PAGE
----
On December 15, 2021

Vermont Adaptive’s new $2.5 million Adaptive Sports Facility to open at Sugarbush

Ribbon cutting slated for Dec. 17, public open house Dec. 18-19

Officials from Vermont Adaptive Ski and Sports will officially open the doors to their second permanent home in Vermont, Murphy’s Annex at Vermont Adaptive – Mt. Ellen, Sugarbush, with a ribbon cutting ceremony Friday, Dec. 17 at 11 a.m. An open house will be held Saturday and Sunday, Dec. 18-19 from 9 a.m.-4 p.m. each day. Volunteers, athletes, local residents, state and local officials, donors, and the general public are invited to attend these events, which will showcase this second-of-its-kind in Vermont, state-of-the-art adaptive sports facility.

 

Courtesy of Vermont Adaptive
A shot shows mid-construction of the multi-year project.

Programs officially start for the season for Vermont Adaptive on Dec. 26.

For more than 20 years, Vermont Adaptive has partnered with Sugarbush Resort at Mt. Ellen, using 400 sq. ft. of borrowed space in the Mt. Ellen base lodge to operate its programs. The new 4,000 sq. ft. facility has been in the making for about three years and was scheduled to open last winter. Due to the pandemic, officials weren’t able to break ground until this past spring.

“The outpouring of support for creating this facility has been amazing,” said Erin Fernandez, executive director of Vermont Adaptive. “We can’t even begin to thank everyone who has been involved in the project. We have not quite reached our fundraising goal yet and still need help and donations, but we are making progress on the last $250,000 every day. Most importantly, though, it’s the athletes who will benefit from that generosity and support. Sports are for every body. This building symbolizes that and will provide a training outlet and playground for those athletes to pursue their dreams, whatever those may be, on a year-round basis.”

The new facility includes three floors for adaptive sports programming, retreats, veterans’ programs, workshops, and wellness seminars as well as the following:

  • Elevator to all three floors
  • Year-round storage for adaptive equipment
  • Bag and gear storage space
  • Connecting pathways to Sugarbush’s main base lodge level
  • Accessible entryways for getting ready to hit the slopes
  • Dedicated space for program check-in, accessible restrooms, programs, changing, volunteer break room, educational lending library, and more
  • Specially-designed soundproof sensory room for those who need a comfortable retreat away from noise and over-stimulation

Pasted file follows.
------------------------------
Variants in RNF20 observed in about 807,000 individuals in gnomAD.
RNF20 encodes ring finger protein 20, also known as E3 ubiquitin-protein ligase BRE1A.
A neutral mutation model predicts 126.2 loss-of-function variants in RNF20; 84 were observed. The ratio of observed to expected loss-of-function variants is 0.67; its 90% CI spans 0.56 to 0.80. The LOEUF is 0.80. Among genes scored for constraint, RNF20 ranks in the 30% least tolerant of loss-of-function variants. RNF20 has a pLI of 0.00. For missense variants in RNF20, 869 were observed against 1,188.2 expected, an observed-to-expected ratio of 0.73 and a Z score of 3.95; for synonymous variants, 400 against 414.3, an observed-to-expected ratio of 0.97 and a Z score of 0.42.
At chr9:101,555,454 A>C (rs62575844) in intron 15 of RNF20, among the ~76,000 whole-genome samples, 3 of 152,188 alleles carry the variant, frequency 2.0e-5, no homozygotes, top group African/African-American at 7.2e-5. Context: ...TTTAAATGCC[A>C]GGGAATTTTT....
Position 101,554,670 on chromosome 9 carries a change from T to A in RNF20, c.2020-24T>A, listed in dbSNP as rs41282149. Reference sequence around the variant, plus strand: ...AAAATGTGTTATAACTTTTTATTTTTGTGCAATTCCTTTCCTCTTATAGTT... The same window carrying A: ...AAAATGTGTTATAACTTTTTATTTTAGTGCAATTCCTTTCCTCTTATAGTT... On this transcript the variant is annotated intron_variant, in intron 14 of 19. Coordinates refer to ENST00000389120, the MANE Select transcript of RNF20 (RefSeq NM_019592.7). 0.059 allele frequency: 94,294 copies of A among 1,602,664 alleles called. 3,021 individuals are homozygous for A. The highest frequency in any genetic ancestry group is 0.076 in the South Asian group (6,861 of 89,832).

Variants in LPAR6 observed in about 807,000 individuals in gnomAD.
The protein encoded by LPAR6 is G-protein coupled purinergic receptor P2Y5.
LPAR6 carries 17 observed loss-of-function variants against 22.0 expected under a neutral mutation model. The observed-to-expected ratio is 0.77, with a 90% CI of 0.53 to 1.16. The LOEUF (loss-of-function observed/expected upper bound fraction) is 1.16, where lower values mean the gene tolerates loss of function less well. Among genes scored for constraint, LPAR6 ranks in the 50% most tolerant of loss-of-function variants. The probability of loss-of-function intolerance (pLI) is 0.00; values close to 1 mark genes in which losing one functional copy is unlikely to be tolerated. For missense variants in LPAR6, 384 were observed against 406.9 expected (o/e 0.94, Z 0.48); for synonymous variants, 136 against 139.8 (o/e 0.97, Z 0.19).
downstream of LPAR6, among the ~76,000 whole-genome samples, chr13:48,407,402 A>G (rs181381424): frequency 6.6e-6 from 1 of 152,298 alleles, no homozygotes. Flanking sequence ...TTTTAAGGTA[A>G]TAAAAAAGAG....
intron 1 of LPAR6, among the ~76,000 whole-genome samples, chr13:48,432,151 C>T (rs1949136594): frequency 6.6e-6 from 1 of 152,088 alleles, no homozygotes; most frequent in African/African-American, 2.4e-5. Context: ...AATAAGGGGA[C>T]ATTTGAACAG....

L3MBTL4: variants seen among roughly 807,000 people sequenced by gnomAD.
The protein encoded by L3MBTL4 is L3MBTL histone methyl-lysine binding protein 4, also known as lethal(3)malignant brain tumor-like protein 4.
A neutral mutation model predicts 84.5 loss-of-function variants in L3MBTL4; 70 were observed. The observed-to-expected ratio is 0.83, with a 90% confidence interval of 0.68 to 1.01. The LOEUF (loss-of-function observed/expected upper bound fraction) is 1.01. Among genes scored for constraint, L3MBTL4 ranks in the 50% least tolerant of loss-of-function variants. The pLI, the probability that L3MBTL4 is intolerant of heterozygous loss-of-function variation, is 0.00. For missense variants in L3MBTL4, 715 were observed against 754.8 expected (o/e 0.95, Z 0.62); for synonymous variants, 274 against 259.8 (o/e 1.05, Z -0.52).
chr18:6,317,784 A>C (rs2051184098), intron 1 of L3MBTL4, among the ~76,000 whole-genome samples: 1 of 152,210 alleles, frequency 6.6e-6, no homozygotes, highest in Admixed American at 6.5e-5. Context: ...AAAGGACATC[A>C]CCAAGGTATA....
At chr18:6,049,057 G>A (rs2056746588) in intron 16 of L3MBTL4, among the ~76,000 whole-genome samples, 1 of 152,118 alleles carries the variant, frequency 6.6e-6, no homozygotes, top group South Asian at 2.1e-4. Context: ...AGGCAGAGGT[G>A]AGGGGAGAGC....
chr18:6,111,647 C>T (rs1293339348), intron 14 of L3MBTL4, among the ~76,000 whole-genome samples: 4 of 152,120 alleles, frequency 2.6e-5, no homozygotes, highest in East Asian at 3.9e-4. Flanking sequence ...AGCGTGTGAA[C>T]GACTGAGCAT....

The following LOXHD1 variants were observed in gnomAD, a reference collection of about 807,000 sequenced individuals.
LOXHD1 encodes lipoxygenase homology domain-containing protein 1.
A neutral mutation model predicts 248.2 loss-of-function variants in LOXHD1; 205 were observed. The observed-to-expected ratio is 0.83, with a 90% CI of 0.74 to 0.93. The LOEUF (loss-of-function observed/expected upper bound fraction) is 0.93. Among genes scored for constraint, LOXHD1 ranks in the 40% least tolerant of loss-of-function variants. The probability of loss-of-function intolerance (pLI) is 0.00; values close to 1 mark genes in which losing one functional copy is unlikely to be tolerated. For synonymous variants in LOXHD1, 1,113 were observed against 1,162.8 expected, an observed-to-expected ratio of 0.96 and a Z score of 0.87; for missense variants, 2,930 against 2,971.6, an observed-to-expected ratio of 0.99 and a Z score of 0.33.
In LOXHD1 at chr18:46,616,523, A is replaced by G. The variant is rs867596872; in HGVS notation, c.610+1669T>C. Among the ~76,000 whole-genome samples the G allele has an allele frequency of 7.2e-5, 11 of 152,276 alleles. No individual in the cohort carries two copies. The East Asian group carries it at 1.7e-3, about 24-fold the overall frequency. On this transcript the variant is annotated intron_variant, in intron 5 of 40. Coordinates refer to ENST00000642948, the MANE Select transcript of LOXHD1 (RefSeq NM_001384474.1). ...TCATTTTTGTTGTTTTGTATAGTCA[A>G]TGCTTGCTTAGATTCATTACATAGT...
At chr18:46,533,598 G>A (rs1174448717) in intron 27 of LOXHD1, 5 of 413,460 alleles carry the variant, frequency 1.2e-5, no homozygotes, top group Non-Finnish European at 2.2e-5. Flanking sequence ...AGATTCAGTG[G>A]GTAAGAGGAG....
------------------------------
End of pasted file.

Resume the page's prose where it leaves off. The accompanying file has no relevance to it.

• Multi-purpose space for classroom activities, retreats, yoga workshops, wellness camps,  and other holistic activities
  • Space to work on equipment with a mechanical equipment closet included

All three levels will be connected by an access-for-all elevator. The main level will connect with the existing Mt. Ellen base lodge, providing complete access to the food court and main base lodge level. The upper level will connect to the Mt. Ellen third floor bar. The Lower Level will connect to the rental shop, lockers and ski patrol. Several accessible parking spots will be available at the main entrance to the facility as well as increased parking in the upper tier parking lot.

Courtesy of Vermont Adaptive
The new facility at Sugarbush opens this week furthering Vermont Adaptive’s mission. Red arrow points to new construction.

Naylor & Breen Builders, Inc. is the general contractor for the project, and the building was designed by Jeffrey Dunham Architecture. The new facility is specifically designed with the Vermont Adaptive participants, volunteers, staff, and community in mind in order to bring year-round accessible sports and recreation to the entire Mad River Valley area in central Vermont.

The facility at Mt. Ellen is the second of three phases of Vermont Adaptive’s Permanent Homes Campaign. The first building, the Andrea Mead Lawrence Lodge at Pico Mountain, was built in 2013. The Pico facility was the first of its kind in Vermont.

The third building will be located somewhere on the Burlington waterfront adjacent to the bike path; the specific site is still to be determined.

Vermont Adaptive arrived at Sugarbush Resort in 1991, when it expanded its programming locations to include Sugarbush in addition to its then-home base at Mt. Ascutney, where programs began in 1987. (The statewide headquarters is now at Pico Mountain.) The longstanding partnership between the organization and Sugarbush Resort has thrived for the past 30 years.

Approximately $250,000 still needs to be raised to complete the fundraising aspect of the $2.5 million project. All donations and pledges made before Dec. 31 will be recognized on the exterior donor wall recognition plaque. Leadership donations of $500, $1,000 or more also will be recognized with individual plaques in the donor lobby on the main level of the facility.

For more information visit: vermontadaptive.org/sugarbushfacility.

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